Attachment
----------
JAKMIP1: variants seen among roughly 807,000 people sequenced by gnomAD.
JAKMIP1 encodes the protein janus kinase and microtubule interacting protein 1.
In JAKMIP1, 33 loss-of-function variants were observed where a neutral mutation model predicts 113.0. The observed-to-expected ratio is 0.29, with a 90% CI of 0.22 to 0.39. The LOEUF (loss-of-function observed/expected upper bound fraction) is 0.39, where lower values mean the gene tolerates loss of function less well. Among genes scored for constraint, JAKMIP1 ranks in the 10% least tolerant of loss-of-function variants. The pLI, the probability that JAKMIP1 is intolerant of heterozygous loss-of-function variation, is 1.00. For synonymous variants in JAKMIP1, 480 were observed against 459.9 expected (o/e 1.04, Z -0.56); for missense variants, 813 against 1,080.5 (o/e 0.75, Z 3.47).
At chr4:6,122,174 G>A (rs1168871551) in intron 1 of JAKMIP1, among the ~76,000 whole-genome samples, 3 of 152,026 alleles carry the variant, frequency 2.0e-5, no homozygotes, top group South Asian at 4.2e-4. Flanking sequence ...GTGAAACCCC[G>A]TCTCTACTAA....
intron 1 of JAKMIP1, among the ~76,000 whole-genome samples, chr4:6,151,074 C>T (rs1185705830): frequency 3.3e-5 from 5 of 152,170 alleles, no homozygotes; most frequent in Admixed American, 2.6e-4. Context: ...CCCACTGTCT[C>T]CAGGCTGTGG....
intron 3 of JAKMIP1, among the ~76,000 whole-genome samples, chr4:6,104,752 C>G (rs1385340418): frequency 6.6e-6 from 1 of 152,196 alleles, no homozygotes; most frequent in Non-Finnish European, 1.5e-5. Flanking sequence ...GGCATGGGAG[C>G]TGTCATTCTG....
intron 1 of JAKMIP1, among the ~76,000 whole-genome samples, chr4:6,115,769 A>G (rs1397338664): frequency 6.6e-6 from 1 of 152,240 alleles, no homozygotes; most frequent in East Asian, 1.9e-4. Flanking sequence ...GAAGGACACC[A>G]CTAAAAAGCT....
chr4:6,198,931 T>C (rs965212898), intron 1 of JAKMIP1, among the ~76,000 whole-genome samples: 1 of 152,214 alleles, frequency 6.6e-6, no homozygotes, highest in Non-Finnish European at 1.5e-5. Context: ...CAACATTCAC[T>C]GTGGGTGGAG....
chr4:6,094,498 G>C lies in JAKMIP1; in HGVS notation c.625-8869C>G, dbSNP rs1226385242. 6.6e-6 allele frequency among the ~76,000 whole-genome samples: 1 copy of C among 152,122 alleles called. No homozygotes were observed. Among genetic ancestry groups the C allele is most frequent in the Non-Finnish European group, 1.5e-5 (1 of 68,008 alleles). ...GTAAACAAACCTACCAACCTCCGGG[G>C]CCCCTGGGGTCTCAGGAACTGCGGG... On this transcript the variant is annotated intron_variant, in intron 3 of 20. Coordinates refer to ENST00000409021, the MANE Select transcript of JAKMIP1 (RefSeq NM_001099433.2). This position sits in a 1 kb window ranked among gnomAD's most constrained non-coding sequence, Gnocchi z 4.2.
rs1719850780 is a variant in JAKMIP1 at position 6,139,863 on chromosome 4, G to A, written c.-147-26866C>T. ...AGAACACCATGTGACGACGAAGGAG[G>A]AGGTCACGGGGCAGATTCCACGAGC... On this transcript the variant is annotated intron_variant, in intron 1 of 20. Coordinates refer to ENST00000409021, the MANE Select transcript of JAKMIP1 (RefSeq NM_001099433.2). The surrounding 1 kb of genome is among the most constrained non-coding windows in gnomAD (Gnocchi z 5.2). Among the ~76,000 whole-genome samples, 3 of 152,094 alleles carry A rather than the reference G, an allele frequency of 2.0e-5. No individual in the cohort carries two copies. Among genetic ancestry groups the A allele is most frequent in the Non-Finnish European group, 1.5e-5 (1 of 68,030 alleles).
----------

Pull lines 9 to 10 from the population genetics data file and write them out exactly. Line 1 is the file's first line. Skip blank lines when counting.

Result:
chr4:6,094,498 G>C lies in JAKMIP1; in HGVS notation c.625-8869C>G, dbSNP rs1226385242. 6.6e-6 allele frequency among the ~76,000 whole-genome samples: 1 copy of C among 152,122 alleles called. No homozygotes were observed. Among genetic ancestry groups the C allele is most frequent in the Non-Finnish European group, 1.5e-5 (1 of 68,008 alleles). ...GTAAACAAACCTACCAACCTCCGGG[G>C]CCCCTGGGGTCTCAGGAACTGCGGG... On this transcript the variant is annotated intron_variant, in intron 3 of 20. Coordinates refer to ENST00000409021, the MANE Select transcript of JAKMIP1 (RefSeq NM_001099433.2). This position sits in a 1 kb window ranked among gnomAD's most constrained non-coding sequence, Gnocchi z 4.2.
rs1719850780 is a variant in JAKMIP1 at position 6,139,863 on chromosome 4, G to A, written c.-147-26866C>T. ...AGAACACCATGTGACGACGAAGGAG[G>A]AGGTCACGGGGCAGATTCCACGAGC... On this transcript the variant is annotated intron_variant, in intron 1 of 20. Coordinates refer to ENST00000409021, the MANE Select transcript of JAKMIP1 (RefSeq NM_001099433.2). The surrounding 1 kb of genome is among the most constrained non-coding windows in gnomAD (Gnocchi z 5.2). Among the ~76,000 whole-genome samples, 3 of 152,094 alleles carry A rather than the reference G, an allele frequency of 2.0e-5. No individual in the cohort carries two copies. Among genetic ancestry groups the A allele is most frequent in the Non-Finnish European group, 1.5e-5 (1 of 68,030 alleles).